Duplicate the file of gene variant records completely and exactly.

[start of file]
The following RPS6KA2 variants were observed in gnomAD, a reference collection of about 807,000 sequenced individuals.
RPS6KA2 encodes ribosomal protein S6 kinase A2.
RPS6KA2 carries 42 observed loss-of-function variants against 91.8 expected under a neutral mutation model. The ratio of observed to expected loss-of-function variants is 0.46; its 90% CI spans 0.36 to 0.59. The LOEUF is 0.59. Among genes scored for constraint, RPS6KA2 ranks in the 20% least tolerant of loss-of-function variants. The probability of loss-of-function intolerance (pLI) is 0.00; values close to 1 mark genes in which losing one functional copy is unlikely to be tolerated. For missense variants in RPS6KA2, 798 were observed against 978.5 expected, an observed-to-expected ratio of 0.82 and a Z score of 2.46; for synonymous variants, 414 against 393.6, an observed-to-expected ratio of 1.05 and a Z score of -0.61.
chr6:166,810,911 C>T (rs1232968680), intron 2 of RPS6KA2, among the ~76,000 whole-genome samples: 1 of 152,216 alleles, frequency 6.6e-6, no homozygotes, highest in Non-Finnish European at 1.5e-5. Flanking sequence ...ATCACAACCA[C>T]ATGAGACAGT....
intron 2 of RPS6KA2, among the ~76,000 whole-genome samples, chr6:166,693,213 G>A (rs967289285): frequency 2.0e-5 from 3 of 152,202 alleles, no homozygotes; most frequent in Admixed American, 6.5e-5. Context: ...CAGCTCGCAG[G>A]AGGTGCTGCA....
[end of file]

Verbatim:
The following RPS6KA2 variants were observed in gnomAD, a reference collection of about 807,000 sequenced individuals.
RPS6KA2 encodes ribosomal protein S6 kinase A2.
RPS6KA2 carries 42 observed loss-of-function variants against 91.8 expected under a neutral mutation model. The ratio of observed to expected loss-of-function variants is 0.46; its 90% CI spans 0.36 to 0.59. The LOEUF is 0.59. Among genes scored for constraint, RPS6KA2 ranks in the 20% least tolerant of loss-of-function variants. The probability of loss-of-function intolerance (pLI) is 0.00; values close to 1 mark genes in which losing one functional copy is unlikely to be tolerated. For missense variants in RPS6KA2, 798 were observed against 978.5 expected, an observed-to-expected ratio of 0.82 and a Z score of 2.46; for synonymous variants, 414 against 393.6, an observed-to-expected ratio of 1.05 and a Z score of -0.61.
chr6:166,810,911 C>T (rs1232968680), intron 2 of RPS6KA2, among the ~76,000 whole-genome samples: 1 of 152,216 alleles, frequency 6.6e-6, no homozygotes, highest in Non-Finnish European at 1.5e-5. Flanking sequence ...ATCACAACCA[C>T]ATGAGACAGT....
intron 2 of RPS6KA2, among the ~76,000 whole-genome samples, chr6:166,693,213 G>A (rs967289285): frequency 2.0e-5 from 3 of 152,202 alleles, no homozygotes; most frequent in Admixed American, 6.5e-5. Context: ...CAGCTCGCAG[G>A]AGGTGCTGCA....